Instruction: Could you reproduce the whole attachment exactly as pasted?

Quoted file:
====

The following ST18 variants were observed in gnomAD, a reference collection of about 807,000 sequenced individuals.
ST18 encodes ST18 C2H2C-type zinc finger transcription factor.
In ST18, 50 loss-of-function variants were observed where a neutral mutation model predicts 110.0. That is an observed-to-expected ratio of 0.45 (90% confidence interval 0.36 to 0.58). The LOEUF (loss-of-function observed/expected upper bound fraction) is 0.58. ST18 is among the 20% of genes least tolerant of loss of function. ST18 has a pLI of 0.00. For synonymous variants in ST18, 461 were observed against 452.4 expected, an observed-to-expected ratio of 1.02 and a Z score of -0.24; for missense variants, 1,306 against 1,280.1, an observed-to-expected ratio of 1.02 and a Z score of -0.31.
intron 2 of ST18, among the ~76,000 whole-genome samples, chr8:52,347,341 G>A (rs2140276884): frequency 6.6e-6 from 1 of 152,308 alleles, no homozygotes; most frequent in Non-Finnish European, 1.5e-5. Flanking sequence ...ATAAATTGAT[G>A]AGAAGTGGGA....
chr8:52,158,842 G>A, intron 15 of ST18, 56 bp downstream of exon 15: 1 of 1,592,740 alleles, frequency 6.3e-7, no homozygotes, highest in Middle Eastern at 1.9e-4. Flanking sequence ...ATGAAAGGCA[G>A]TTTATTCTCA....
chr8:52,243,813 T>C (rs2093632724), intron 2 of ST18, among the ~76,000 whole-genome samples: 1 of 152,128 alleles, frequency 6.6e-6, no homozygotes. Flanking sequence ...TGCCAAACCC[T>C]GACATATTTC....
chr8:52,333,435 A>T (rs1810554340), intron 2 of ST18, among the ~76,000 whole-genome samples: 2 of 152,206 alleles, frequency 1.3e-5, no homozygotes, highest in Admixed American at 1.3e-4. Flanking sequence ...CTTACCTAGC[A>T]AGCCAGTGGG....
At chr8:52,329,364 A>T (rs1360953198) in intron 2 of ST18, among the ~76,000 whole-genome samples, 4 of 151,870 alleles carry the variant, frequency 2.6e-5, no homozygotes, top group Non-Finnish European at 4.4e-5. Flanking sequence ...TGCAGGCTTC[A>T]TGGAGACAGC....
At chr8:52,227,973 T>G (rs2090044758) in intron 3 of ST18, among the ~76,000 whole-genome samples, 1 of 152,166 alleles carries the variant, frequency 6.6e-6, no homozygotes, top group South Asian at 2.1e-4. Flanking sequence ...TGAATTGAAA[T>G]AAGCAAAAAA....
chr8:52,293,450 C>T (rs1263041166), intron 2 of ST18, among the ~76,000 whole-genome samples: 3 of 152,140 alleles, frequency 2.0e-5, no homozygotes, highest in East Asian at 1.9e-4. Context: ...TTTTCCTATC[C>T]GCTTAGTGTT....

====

The following ST18 variants were observed in gnomAD, a reference collection of about 807,000 sequenced individuals.
ST18 encodes ST18 C2H2C-type zinc finger transcription factor.
In ST18, 50 loss-of-function variants were observed where a neutral mutation model predicts 110.0. That is an observed-to-expected ratio of 0.45 (90% confidence interval 0.36 to 0.58). The LOEUF (loss-of-function observed/expected upper bound fraction) is 0.58. ST18 is among the 20% of genes least tolerant of loss of function. ST18 has a pLI of 0.00. For synonymous variants in ST18, 461 were observed against 452.4 expected, an observed-to-expected ratio of 1.02 and a Z score of -0.24; for missense variants, 1,306 against 1,280.1, an observed-to-expected ratio of 1.02 and a Z score of -0.31.
intron 2 of ST18, among the ~76,000 whole-genome samples, chr8:52,347,341 G>A (rs2140276884): frequency 6.6e-6 from 1 of 152,308 alleles, no homozygotes; most frequent in Non-Finnish European, 1.5e-5. Flanking sequence ...ATAAATTGAT[G>A]AGAAGTGGGA....
chr8:52,158,842 G>A, intron 15 of ST18, 56 bp downstream of exon 15: 1 of 1,592,740 alleles, frequency 6.3e-7, no homozygotes, highest in Middle Eastern at 1.9e-4. Flanking sequence ...ATGAAAGGCA[G>A]TTTATTCTCA....
chr8:52,243,813 T>C (rs2093632724), intron 2 of ST18, among the ~76,000 whole-genome samples: 1 of 152,128 alleles, frequency 6.6e-6, no homozygotes. Flanking sequence ...TGCCAAACCC[T>C]GACATATTTC....
chr8:52,333,435 A>T (rs1810554340), intron 2 of ST18, among the ~76,000 whole-genome samples: 2 of 152,206 alleles, frequency 1.3e-5, no homozygotes, highest in Admixed American at 1.3e-4. Flanking sequence ...CTTACCTAGC[A>T]AGCCAGTGGG....
At chr8:52,329,364 A>T (rs1360953198) in intron 2 of ST18, among the ~76,000 whole-genome samples, 4 of 151,870 alleles carry the variant, frequency 2.6e-5, no homozygotes, top group Non-Finnish European at 4.4e-5. Flanking sequence ...TGCAGGCTTC[A>T]TGGAGACAGC....
At chr8:52,227,973 T>G (rs2090044758) in intron 3 of ST18, among the ~76,000 whole-genome samples, 1 of 152,166 alleles carries the variant, frequency 6.6e-6, no homozygotes, top group South Asian at 2.1e-4. Flanking sequence ...TGAATTGAAA[T>G]AAGCAAAAAA....
chr8:52,293,450 C>T (rs1263041166), intron 2 of ST18, among the ~76,000 whole-genome samples: 3 of 152,140 alleles, frequency 2.0e-5, no homozygotes, highest in East Asian at 1.9e-4. Context: ...TTTTCCTATC[C>T]GCTTAGTGTT....